I take out Tadpole’s carnet de santé, the notebook which was presented to me at the hospital when she was born, in which doctors record the reason for every visit and the fill in the vaccinations she’s received. The entries within are sparse, to say the least. This is partly because Tadpole has enjoyed remarkably good health since she was a baby, and partly because I don’t feel the need to have every sniffle or short-lived tummy bug checked out, given that, in my experience, doctors here have an alarming tendency to over-prescribe. Especially antibiotics.
‘Any serious illnesses or operations to report?’ the school doctor asks, flicking through the pages and tutting when she sees that the double page set aside for a reporting the results of a general check up, aged four, remains blank. At a guess, I’d say the doctor is in her fifties. She’ll only ever see us for this one compulsory visit and apparently thinks this eliminates the need for niceties. Her manner is brusque, her voice clipped as short as her greying hair.
‘Um, she had a fall and split open her lip about eighteen months ago,’ I reply. ‘We were in England at the time, so there’s no record in the book. It was glued together at casualty… It seems to have healed really well.’
‘They used glue?!’ The doctor raises her eyebrows ceilingwards. I toy with the idea of ingratiating myself to her by making a snide comment about the NHS, pandering to her obvious feelings of superiority over English doctors. ‘It was surgical glue,’ I murmur instead, just in case the doctor thinks the incompetent English might have used pritt stick. But the doctor is already busy running her biro down the list of vaccinations at the back of the book, and gives no sign that she’s even heard me. ’I have a prescription for her second MMR jab,’ I interject, seeing her frowning at the blank space next to the family doctor’s pencilled-in reminder that a rappel would be due in 2007/8. I can hear defensiveness creeping into my voice. I’m starting to feel like I’m on trial; my ability to bring up a healthy, happy child called into question.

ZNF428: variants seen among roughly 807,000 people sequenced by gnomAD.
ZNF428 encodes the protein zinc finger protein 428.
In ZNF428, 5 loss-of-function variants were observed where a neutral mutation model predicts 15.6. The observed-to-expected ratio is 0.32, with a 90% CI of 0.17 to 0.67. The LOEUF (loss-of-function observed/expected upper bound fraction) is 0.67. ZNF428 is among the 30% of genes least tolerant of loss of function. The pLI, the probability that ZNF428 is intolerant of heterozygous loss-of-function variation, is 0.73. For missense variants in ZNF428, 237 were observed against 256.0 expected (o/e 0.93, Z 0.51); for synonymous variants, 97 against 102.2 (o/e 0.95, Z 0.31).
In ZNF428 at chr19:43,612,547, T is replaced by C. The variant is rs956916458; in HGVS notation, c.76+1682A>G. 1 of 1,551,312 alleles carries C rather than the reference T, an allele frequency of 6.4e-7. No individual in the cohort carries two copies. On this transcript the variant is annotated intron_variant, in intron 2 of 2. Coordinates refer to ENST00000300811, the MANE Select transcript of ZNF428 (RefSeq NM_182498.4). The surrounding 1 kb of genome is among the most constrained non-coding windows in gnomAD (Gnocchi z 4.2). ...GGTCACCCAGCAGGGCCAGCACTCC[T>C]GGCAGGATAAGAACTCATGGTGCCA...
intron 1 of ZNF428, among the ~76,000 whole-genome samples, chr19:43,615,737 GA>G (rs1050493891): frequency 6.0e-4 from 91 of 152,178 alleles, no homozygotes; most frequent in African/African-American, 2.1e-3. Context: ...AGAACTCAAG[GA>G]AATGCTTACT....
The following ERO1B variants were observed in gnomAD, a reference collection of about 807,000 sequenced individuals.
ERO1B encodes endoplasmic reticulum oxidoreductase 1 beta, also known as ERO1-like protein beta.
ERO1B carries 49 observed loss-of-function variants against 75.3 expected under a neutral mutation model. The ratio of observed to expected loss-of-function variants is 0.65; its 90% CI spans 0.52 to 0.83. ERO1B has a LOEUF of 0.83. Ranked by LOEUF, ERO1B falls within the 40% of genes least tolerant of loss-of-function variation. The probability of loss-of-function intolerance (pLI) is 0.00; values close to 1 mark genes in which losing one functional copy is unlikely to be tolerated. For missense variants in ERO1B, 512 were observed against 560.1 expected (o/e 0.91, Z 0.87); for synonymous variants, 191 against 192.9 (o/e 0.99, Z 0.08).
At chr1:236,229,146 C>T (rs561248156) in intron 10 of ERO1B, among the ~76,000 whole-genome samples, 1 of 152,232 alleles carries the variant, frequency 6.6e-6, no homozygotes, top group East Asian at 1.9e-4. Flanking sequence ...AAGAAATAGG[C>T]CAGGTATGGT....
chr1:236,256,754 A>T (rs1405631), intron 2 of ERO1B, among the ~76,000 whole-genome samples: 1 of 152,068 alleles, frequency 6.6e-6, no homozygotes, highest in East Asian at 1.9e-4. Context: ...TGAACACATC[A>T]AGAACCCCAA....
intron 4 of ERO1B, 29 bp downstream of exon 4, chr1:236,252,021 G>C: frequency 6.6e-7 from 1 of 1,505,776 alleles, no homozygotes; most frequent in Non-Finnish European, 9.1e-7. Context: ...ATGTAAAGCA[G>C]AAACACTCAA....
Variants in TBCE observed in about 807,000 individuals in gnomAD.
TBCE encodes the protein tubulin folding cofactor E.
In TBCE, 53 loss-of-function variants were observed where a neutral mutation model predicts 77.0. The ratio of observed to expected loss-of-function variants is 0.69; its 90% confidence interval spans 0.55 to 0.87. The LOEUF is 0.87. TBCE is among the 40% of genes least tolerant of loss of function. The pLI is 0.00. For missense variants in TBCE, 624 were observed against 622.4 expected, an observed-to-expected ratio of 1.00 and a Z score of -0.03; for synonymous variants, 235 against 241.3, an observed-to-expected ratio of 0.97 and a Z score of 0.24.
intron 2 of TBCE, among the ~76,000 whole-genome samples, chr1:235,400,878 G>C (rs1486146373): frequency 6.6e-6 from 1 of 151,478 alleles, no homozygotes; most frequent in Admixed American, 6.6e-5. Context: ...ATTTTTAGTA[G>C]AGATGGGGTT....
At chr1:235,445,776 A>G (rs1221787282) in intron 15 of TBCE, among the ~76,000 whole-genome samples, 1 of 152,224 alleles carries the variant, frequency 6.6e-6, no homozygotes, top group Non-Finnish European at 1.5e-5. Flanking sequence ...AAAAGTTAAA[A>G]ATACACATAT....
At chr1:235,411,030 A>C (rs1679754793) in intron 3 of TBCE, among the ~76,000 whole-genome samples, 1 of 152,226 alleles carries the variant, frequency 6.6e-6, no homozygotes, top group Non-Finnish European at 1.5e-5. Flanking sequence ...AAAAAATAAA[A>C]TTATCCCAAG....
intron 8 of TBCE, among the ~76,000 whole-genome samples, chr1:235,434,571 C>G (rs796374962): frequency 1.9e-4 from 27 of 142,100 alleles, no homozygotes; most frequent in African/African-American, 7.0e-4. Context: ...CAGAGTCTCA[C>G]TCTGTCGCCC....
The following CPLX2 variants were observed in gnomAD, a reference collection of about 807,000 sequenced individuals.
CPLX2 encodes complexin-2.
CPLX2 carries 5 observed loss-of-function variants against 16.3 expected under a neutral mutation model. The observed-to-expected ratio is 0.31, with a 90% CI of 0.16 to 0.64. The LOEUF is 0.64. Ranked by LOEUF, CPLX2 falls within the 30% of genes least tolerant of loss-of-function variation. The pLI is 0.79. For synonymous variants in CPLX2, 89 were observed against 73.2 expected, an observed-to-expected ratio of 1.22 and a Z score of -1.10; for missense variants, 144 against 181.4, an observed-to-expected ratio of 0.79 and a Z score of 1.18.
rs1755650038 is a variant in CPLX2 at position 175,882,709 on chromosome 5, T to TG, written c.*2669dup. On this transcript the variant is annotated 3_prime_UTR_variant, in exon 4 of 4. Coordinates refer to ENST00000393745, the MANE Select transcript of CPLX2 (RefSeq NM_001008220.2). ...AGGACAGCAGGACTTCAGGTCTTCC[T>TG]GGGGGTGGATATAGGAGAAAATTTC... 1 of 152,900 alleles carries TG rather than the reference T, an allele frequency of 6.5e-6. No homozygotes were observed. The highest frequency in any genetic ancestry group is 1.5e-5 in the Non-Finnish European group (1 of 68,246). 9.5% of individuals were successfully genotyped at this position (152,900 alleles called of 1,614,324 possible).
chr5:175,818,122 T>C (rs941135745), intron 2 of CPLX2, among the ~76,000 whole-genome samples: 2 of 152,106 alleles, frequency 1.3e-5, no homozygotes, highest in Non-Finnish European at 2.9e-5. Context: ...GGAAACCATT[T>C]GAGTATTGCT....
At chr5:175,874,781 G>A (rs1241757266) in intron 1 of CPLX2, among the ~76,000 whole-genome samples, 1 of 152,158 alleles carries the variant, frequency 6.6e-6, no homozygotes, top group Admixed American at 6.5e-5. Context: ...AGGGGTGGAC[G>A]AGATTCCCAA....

During the hearing test, my heart sinks into my shiny ballerina pumps. Tadpole, dwarfed by a huge pair of headphones, repeatedly giggles and repeats ‘je n’entends rien‘ when sounds are piped into her left ear. The doctor inspects further and finds a large blockage. ‘There’s a lump of hard matter obstructing her ear canal and seriously impairing her hearing,’ she tells me, sternly. ‘Has your daughter ever had a serious ear infection?’ I reply that she’s only had one, that I know of, and she was one at the time. The doctor looks doubtful, and asks me whether I often have to repeat things to my daughter in conversation.
‘Well… sometimes,’ I admit. ‘But you know how it is at this age… It’s hard to differentiate between whether she’s not listening or she can’t hear. Half the time she’s caught up in her own little imaginary world and just ignores me…’
‘Well, you’ll have to get that obstruction removed,’ says the doctor, ‘and test her hearing again afterwards. We need to know whether this impairment is caused by the blockage or due to some other defect.’ I nod, mutely.
When it comes to the eye test, I feel more confident. After all, how many mothers have been taking their daughters to see an optician on a regular basis since the age of 12 months? Mindful of the fact that I got my first pair of NHS standard issue glasses at the tender age of four, I’ve had Tadpole’s eyes tested several times. At the end of our last visit, we were told there was no need for any action, and we should return in not one, but two year’s time.
‘Well, my test says she’s 9.5 in the right eye and 7.5 in the left,’ says the doctor, curtly. ‘When did you last visit this optician you mention?’ I leaf through the carnet de santé and realise the optician must have kept her own records in parallel. There’s no record of these visits whatsoever. It’s as though she never even existed.
We leave the school doctor’s office with two referrals. One to see an ear, nose and throat specialist and the other to see an optician. I feel utterly dejected. I walked into the room feeling reasonably confident in my abilities as a mother and walked out, half an hour later, feeling like I was guilty of criminal neglect.
I accompany Tadpole back up to her classroom, pausing just outside the door to give her a fiercely tight hug and whisper something in her left ear.
‘Did you say something, mummy? I didn’t hear you?’ Tadpole looks puzzled. I repeat myself in her right ear and she smiles.